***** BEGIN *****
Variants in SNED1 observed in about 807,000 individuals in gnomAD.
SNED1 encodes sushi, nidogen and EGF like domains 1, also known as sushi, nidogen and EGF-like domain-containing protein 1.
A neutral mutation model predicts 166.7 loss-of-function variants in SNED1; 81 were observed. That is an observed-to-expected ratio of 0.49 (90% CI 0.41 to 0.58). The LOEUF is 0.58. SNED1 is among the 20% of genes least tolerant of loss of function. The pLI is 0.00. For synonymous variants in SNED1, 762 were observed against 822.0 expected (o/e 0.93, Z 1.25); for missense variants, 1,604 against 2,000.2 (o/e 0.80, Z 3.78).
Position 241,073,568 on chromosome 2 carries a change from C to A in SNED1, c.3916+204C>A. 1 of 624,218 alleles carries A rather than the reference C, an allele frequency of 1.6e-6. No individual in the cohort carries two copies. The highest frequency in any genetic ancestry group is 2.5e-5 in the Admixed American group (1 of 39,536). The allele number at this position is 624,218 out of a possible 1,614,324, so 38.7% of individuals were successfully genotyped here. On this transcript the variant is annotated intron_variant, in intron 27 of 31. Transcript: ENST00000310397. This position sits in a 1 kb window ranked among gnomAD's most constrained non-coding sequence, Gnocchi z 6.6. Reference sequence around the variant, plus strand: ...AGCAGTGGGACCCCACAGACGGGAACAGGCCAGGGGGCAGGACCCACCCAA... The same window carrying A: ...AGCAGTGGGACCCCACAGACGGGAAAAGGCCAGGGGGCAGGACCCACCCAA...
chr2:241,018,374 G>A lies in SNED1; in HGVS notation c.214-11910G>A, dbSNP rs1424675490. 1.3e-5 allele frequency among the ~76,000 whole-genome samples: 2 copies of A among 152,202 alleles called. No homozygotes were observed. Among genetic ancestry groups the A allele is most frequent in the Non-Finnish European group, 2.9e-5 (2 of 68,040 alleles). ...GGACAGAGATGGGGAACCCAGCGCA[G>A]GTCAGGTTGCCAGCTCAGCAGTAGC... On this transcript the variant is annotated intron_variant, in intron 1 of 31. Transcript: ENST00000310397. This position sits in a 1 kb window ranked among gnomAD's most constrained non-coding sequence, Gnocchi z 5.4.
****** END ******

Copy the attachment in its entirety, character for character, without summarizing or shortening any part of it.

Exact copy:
Variants in SNED1 observed in about 807,000 individuals in gnomAD.
SNED1 encodes sushi, nidogen and EGF like domains 1, also known as sushi, nidogen and EGF-like domain-containing protein 1.
A neutral mutation model predicts 166.7 loss-of-function variants in SNED1; 81 were observed. That is an observed-to-expected ratio of 0.49 (90% CI 0.41 to 0.58). The LOEUF is 0.58. SNED1 is among the 20% of genes least tolerant of loss of function. The pLI is 0.00. For synonymous variants in SNED1, 762 were observed against 822.0 expected (o/e 0.93, Z 1.25); for missense variants, 1,604 against 2,000.2 (o/e 0.80, Z 3.78).
Position 241,073,568 on chromosome 2 carries a change from C to A in SNED1, c.3916+204C>A. 1 of 624,218 alleles carries A rather than the reference C, an allele frequency of 1.6e-6. No individual in the cohort carries two copies. The highest frequency in any genetic ancestry group is 2.5e-5 in the Admixed American group (1 of 39,536). The allele number at this position is 624,218 out of a possible 1,614,324, so 38.7% of individuals were successfully genotyped here. On this transcript the variant is annotated intron_variant, in intron 27 of 31. Transcript: ENST00000310397. This position sits in a 1 kb window ranked among gnomAD's most constrained non-coding sequence, Gnocchi z 6.6. Reference sequence around the variant, plus strand: ...AGCAGTGGGACCCCACAGACGGGAACAGGCCAGGGGGCAGGACCCACCCAA... The same window carrying A: ...AGCAGTGGGACCCCACAGACGGGAAAAGGCCAGGGGGCAGGACCCACCCAA...
chr2:241,018,374 G>A lies in SNED1; in HGVS notation c.214-11910G>A, dbSNP rs1424675490. 1.3e-5 allele frequency among the ~76,000 whole-genome samples: 2 copies of A among 152,202 alleles called. No homozygotes were observed. Among genetic ancestry groups the A allele is most frequent in the Non-Finnish European group, 2.9e-5 (2 of 68,040 alleles). ...GGACAGAGATGGGGAACCCAGCGCA[G>A]GTCAGGTTGCCAGCTCAGCAGTAGC... On this transcript the variant is annotated intron_variant, in intron 1 of 31. Transcript: ENST00000310397. This position sits in a 1 kb window ranked among gnomAD's most constrained non-coding sequence, Gnocchi z 5.4.